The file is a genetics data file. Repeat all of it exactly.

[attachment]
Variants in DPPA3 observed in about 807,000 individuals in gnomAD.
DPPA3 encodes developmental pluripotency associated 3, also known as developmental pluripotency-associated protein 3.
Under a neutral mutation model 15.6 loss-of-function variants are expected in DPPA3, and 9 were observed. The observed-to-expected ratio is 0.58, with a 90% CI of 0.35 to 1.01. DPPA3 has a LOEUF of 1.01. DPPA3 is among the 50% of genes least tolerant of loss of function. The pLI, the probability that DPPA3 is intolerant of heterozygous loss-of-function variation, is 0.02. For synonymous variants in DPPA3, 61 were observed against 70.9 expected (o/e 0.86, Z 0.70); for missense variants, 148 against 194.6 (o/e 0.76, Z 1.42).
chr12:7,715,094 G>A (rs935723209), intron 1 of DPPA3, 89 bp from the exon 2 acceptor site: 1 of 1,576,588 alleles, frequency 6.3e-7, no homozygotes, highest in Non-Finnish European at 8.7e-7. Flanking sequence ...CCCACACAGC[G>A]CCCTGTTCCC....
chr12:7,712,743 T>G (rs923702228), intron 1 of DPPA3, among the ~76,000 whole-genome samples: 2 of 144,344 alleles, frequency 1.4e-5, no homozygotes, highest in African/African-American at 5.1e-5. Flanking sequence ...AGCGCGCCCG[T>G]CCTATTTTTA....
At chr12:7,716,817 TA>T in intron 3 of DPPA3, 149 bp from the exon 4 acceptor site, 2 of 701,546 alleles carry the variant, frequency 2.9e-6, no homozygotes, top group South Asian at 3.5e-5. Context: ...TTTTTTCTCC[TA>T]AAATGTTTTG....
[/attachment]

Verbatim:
Variants in DPPA3 observed in about 807,000 individuals in gnomAD.
DPPA3 encodes developmental pluripotency associated 3, also known as developmental pluripotency-associated protein 3.
Under a neutral mutation model 15.6 loss-of-function variants are expected in DPPA3, and 9 were observed. The observed-to-expected ratio is 0.58, with a 90% CI of 0.35 to 1.01. DPPA3 has a LOEUF of 1.01. DPPA3 is among the 50% of genes least tolerant of loss of function. The pLI, the probability that DPPA3 is intolerant of heterozygous loss-of-function variation, is 0.02. For synonymous variants in DPPA3, 61 were observed against 70.9 expected (o/e 0.86, Z 0.70); for missense variants, 148 against 194.6 (o/e 0.76, Z 1.42).
chr12:7,715,094 G>A (rs935723209), intron 1 of DPPA3, 89 bp from the exon 2 acceptor site: 1 of 1,576,588 alleles, frequency 6.3e-7, no homozygotes, highest in Non-Finnish European at 8.7e-7. Flanking sequence ...CCCACACAGC[G>A]CCCTGTTCCC....
chr12:7,712,743 T>G (rs923702228), intron 1 of DPPA3, among the ~76,000 whole-genome samples: 2 of 144,344 alleles, frequency 1.4e-5, no homozygotes, highest in African/African-American at 5.1e-5. Flanking sequence ...AGCGCGCCCG[T>G]CCTATTTTTA....
At chr12:7,716,817 TA>T in intron 3 of DPPA3, 149 bp from the exon 4 acceptor site, 2 of 701,546 alleles carry the variant, frequency 2.9e-6, no homozygotes, top group South Asian at 3.5e-5. Context: ...TTTTTTCTCC[TA>T]AAATGTTTTG....